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NFC North Roster Comparisons: Offensive Line

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How do the Chicago Bears compare to their division rivals up front?

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NFL: Chicago Bears at Detroit Lions Tim Fuller-USA TODAY Sports

This one feels a little redundant, as I have recently written about the Bears’ offensive line. Lester recently brought you an outside review of the Bears’ offensive line. However, because the goal of this series is to put the team into the context of its divisional rivals, this analysis will try to dig out extra details for the sake of completeness. First, regardless of opinion to the contrary, by any reasonable measure the 2016 Bears had one of the top two offensive lines in the NFC North.

In the run game, they were 12th in the NFL and 1st in the division, seeing only 8.7% of their runs stuffed at the line of scrimmage (just ahead of the Packers who were 16th at 9.9%), per Sporting Charts. The Vikings (27th and 12.1%) and Lions (32nd and 13.4%) were some distance behind. This is consistent with the relative ranks from Football Outsiders on O-line running, with the Bears (8th) leading the Packers (19th) and the Vikings (30th), with the Lions (31st) at the end.

Likewise, the Bears and Packers have a lead over the rest of the division in other metrics. Per NFL.com’s tracking, the Bears were 9th in the league (1st in the division) at allowing quarterback hits (Green Bay was 11th in the league, followed closely by Minnesota at 13th). Detroit again brought up the rear at 26th. These relative places within the division hold when looking at sacks, as well. However, these are raw stats, and because Green Bay’s offense stayed on the field more, they had more opportunities to allow pressures and sacks and such.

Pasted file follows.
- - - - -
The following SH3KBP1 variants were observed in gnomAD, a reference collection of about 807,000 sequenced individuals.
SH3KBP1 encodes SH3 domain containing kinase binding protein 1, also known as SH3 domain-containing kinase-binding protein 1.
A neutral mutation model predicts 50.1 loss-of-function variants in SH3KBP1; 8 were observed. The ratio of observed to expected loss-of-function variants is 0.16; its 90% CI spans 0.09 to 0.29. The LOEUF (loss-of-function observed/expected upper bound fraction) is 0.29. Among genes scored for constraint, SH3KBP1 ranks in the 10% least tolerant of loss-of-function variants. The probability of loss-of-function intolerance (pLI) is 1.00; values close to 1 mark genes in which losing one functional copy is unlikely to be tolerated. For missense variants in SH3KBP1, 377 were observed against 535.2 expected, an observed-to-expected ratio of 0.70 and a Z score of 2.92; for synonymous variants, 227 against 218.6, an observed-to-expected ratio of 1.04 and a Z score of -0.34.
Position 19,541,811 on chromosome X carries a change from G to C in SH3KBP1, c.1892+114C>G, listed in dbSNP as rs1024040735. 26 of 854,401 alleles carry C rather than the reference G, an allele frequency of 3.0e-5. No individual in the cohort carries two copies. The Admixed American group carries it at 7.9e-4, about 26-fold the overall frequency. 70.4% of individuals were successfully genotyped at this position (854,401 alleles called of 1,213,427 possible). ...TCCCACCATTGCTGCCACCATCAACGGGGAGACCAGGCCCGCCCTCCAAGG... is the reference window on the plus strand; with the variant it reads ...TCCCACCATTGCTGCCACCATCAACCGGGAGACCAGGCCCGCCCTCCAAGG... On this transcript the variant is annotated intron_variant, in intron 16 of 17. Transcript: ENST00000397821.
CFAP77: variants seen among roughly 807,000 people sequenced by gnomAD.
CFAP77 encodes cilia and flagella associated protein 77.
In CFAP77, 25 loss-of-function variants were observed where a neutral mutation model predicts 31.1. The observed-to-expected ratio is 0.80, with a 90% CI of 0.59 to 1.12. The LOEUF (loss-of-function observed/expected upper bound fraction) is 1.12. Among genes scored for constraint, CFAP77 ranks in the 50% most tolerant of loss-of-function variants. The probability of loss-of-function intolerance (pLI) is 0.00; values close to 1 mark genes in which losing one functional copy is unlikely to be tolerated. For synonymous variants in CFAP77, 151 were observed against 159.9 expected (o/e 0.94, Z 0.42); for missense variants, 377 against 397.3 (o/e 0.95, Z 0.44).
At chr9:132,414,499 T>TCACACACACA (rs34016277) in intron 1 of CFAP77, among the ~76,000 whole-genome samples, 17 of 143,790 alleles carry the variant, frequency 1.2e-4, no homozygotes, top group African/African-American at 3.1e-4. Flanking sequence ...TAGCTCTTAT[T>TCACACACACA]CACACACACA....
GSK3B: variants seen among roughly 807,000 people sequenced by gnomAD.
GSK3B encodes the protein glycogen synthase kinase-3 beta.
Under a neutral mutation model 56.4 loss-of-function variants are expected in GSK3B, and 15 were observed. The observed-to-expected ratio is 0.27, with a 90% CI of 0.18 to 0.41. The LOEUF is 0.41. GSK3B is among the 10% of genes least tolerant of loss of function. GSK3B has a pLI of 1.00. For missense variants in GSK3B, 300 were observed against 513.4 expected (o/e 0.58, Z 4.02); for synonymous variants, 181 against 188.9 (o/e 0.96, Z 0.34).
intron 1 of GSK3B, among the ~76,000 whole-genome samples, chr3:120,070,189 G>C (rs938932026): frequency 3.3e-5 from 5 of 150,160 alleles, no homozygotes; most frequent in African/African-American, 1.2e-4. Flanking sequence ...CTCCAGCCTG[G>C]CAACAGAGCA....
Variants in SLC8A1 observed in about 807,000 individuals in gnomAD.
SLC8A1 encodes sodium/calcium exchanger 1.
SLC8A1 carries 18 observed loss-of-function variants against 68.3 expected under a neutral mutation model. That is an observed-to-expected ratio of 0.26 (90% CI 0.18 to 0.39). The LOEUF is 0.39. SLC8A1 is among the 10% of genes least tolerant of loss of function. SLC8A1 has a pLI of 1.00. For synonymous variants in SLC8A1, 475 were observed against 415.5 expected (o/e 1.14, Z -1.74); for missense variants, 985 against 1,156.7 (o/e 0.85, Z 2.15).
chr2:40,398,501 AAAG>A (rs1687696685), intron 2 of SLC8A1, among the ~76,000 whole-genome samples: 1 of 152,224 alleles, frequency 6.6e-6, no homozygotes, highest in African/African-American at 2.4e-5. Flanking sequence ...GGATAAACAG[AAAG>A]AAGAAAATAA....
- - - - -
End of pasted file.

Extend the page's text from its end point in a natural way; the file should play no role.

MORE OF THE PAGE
Things get slightly more interesting when looking at “QB Abuse Rate,” a nifty stat by the folks at Unconventional Stats that adds together various forms of abuse and divides it by total passing attempts. Here, for the first time, Green Bay slips ahead of Chicago with an abuse rate of 9.04% compared to Chicago’s 10.75%. Minnesota is 18th overall (and, stop me if you’ve heard this before, third in the division) with a 10.84% abuse rate. And, once more, Detroit is last (but 25th overall) at 13.12%.

As far as quarterbacks feeling pressure, Football Outsiders reports that Brian Hoyer was the least pressured quarterback in the NFL last year (only 37 pressures on 206 attempts), and Barkley was 12th with a pressure rate of 24.7%. That’s only one spot worse than Minnesota’s Sam Bradford (24.5%), and is well ahead of the 28.1% Rodgers faced or the 28.5% Stafford faced. Jay Cutler did not have enough attempts to qualify.

Okay, that’s enough for the metrics. What about the eye test? Well, the eye test folks over at PFF leave some room for doubt, because in one article they ranked Green Bay’s offensive line 5th in the NFL (1st in the division), ahead of Chicago (15th). Minnesota (19th) and Detroit (29th) occupy familiar territory. However, as Lester has already shared, in another article they disagreed.